In late January 2000, thousands of Chechen rebel fighters abandoned Grozny after several months of air attacks and weeks of ground battles with Russian troops. On their way to the mountainous south, the fighters entered the village of Katyr-Yurt, some thirty kilometers south-west of Grozny, on February 4. At the time, about 25,000 people resided in Katyr-Yurt, including some 15,000 IDPs.100
According to eyewitness testimony, up to 3,000 Chechen fighters entered Katyr-Yurt at approximately 4:00 a.m. Witnesses described to Human Rights Watch how the village, especially the center, was so full of fighters one could not but see them.101 Later that day, Russian airplanes began bombing and shelling the village. Over the course of the next three days, dozens of civilians were killed and large parts of the village destroyed.102
Villagers described to Human Rights Watch that they had great difficulty escaping Katyr-Yurt. Russian forces refused to allow civilians fleeing toward the village of Valerik to cross the Katyr-Yurt/Valerik checkpoint and then detained up to 1,000 persons in three houses on the village edge. Civilians who fled toward the town of Achkhoi-Martan, a distance of about six kilometers to the west, said the bombs continued to fall as they tried to escape. The fighters left Katyr-Yurt for the mountains in the south.
Magomed, aged forty-eight from Katyr-Yurt, fled Katyr-Yurt for Achkhoi-Martan. He spent the night of February 3-4 in a cellar with approximately eighty civilians including large numbers of women and children. The next day, perceiving a lull, he decided to try to leave the village. He told Human Rights Watch:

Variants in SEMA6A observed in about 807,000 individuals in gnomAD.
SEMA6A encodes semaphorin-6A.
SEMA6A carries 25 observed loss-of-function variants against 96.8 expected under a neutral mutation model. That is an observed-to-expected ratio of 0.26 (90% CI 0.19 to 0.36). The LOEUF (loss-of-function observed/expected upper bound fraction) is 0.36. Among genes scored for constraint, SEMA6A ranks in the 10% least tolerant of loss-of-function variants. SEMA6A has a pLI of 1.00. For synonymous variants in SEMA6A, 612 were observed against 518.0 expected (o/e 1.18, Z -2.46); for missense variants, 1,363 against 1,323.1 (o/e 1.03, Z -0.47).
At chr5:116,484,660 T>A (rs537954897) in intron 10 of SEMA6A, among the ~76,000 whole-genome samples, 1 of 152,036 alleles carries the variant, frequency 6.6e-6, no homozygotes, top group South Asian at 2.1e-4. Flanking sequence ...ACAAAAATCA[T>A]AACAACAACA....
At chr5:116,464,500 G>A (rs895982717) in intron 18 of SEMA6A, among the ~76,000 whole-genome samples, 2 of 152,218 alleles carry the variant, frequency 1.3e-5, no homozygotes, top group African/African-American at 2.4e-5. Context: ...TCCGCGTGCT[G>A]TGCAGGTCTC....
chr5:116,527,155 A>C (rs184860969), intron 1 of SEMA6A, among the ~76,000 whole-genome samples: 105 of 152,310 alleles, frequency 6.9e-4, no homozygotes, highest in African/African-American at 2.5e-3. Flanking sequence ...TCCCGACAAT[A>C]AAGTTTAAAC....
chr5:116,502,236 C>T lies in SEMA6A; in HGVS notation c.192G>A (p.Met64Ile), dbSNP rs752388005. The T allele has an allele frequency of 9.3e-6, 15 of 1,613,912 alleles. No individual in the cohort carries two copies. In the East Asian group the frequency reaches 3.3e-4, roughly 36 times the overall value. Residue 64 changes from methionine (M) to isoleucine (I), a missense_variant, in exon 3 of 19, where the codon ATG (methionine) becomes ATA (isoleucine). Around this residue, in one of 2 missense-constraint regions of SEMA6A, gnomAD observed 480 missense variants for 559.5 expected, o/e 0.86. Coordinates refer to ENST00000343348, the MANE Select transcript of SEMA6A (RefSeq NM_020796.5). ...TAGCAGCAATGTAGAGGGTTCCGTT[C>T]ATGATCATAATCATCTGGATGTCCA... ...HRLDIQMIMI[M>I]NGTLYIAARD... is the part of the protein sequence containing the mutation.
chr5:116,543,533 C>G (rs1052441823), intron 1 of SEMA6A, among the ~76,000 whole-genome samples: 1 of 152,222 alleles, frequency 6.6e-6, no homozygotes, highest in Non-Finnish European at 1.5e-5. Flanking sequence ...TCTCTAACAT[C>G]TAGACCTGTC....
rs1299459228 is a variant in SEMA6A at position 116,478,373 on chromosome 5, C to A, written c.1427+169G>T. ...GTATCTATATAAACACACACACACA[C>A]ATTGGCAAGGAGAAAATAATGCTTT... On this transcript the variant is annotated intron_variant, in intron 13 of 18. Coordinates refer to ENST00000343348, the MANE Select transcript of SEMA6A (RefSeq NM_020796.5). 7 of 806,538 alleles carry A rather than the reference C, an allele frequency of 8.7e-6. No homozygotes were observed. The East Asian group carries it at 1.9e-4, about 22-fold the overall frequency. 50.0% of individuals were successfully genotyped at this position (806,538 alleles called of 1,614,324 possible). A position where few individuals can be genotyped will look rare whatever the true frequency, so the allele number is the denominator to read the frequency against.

They started to bomb in the morning, killing civilians. I stayed in the cellar. When the shelling became a little quieter I came out of the cellar and went to Achkhoi-Martan. I travelled there with a large number of people; there was bombing and shooting on all sides, from planes and helicopters. I saw wounded and dead people. On the way to Achkhoi-Martan on Ordzhonikidze Street on the right side of the road, I saw five or six corpses. Cars were burning . . . At the exit I saw these bodies. Many people in the cellars died in the village.103
 Action Contre La Faim (ACF), Assessment report, April 21, 2000.
 Human Rights Watch interview with Adlan Kovornokaev, Nazran, Ingushetia, March 26, 2000.
 The Action Contre La Faim assessment report of April 21, 2000 cited the head of the Commission for Investigating Destruction under the temporary administration of Chechnya as stating a total of 530 houses were burned or destroyed beyond repair. The report estimated the village originally comprised 2,860 compounds, with each compound containing from one to five houses.
 Human Rights Watch interview, surname witheld, Plievo, Ingushetia, March 26, 2000.